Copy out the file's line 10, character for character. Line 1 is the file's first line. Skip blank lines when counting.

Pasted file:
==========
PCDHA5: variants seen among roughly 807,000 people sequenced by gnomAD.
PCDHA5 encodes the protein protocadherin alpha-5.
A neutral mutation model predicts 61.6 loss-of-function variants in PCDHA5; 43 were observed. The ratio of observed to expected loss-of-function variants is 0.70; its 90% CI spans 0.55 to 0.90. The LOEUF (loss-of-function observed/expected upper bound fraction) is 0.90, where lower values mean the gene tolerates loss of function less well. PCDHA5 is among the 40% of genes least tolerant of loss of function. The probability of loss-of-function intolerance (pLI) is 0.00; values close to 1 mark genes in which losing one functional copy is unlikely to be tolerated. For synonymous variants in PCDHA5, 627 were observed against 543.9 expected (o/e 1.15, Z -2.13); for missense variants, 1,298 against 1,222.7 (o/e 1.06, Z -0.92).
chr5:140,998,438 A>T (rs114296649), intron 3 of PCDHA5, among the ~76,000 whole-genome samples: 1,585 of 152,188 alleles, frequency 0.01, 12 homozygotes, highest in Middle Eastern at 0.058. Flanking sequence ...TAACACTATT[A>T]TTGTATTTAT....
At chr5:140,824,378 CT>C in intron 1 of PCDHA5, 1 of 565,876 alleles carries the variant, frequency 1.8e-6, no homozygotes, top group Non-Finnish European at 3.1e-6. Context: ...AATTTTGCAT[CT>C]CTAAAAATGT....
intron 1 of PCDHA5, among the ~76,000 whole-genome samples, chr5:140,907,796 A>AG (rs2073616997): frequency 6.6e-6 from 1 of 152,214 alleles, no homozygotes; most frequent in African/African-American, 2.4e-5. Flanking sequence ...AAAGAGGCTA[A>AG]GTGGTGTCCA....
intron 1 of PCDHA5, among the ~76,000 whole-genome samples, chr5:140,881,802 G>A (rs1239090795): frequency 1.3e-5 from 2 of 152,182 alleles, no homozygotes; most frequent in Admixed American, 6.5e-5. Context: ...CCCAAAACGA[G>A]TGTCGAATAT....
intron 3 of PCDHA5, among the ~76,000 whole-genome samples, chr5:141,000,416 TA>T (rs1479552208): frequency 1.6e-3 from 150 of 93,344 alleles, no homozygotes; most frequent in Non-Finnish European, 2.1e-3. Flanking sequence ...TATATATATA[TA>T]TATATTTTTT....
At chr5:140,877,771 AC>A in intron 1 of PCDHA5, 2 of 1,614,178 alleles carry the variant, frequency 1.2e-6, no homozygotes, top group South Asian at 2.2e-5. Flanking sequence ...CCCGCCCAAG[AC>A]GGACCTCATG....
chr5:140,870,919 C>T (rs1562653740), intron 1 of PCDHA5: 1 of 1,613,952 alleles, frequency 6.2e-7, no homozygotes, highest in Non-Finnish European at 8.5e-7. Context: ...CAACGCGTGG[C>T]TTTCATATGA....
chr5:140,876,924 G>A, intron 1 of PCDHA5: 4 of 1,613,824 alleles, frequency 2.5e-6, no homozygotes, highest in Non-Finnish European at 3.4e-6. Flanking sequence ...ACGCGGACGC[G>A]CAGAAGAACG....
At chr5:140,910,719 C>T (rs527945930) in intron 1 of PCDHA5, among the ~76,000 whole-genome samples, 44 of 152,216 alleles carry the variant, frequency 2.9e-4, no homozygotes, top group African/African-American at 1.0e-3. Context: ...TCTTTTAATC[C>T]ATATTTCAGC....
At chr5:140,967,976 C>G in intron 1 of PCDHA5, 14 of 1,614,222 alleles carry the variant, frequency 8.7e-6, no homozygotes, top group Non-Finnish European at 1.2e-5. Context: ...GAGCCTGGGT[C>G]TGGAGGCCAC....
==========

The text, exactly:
chr5:140,870,919 C>T (rs1562653740), intron 1 of PCDHA5: 1 of 1,613,952 alleles, frequency 6.2e-7, no homozygotes, highest in Non-Finnish European at 8.5e-7. Context: ...CAACGCGTGG[C>T]TTTCATATGA....